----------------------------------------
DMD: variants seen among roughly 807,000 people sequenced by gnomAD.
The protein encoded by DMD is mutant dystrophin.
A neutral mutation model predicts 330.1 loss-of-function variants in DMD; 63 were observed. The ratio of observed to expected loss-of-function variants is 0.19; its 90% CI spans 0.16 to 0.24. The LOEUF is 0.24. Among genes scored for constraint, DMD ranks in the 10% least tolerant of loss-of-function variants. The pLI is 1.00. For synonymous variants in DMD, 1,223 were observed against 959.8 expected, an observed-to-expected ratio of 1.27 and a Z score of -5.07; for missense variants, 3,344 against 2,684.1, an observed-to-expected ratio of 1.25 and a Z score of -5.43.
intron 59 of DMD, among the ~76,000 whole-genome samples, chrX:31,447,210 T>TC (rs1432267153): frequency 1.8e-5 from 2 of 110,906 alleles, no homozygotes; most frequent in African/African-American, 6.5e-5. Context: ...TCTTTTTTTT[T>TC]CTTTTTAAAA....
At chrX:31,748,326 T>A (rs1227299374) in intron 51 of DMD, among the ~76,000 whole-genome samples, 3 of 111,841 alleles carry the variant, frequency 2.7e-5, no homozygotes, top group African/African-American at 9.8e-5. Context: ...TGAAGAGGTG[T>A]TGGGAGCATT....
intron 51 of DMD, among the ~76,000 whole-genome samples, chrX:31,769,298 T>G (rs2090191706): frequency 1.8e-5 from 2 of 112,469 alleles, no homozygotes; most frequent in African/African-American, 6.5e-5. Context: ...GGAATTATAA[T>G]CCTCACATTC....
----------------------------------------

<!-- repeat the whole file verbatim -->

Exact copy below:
DMD: variants seen among roughly 807,000 people sequenced by gnomAD.
The protein encoded by DMD is mutant dystrophin.
A neutral mutation model predicts 330.1 loss-of-function variants in DMD; 63 were observed. The ratio of observed to expected loss-of-function variants is 0.19; its 90% CI spans 0.16 to 0.24. The LOEUF is 0.24. Among genes scored for constraint, DMD ranks in the 10% least tolerant of loss-of-function variants. The pLI is 1.00. For synonymous variants in DMD, 1,223 were observed against 959.8 expected, an observed-to-expected ratio of 1.27 and a Z score of -5.07; for missense variants, 3,344 against 2,684.1, an observed-to-expected ratio of 1.25 and a Z score of -5.43.
intron 59 of DMD, among the ~76,000 whole-genome samples, chrX:31,447,210 T>TC (rs1432267153): frequency 1.8e-5 from 2 of 110,906 alleles, no homozygotes; most frequent in African/African-American, 6.5e-5. Context: ...TCTTTTTTTT[T>TC]CTTTTTAAAA....
At chrX:31,748,326 T>A (rs1227299374) in intron 51 of DMD, among the ~76,000 whole-genome samples, 3 of 111,841 alleles carry the variant, frequency 2.7e-5, no homozygotes, top group African/African-American at 9.8e-5. Context: ...TGAAGAGGTG[T>A]TGGGAGCATT....
intron 51 of DMD, among the ~76,000 whole-genome samples, chrX:31,769,298 T>G (rs2090191706): frequency 1.8e-5 from 2 of 112,469 alleles, no homozygotes; most frequent in African/African-American, 6.5e-5. Context: ...GGAATTATAA[T>G]CCTCACATTC....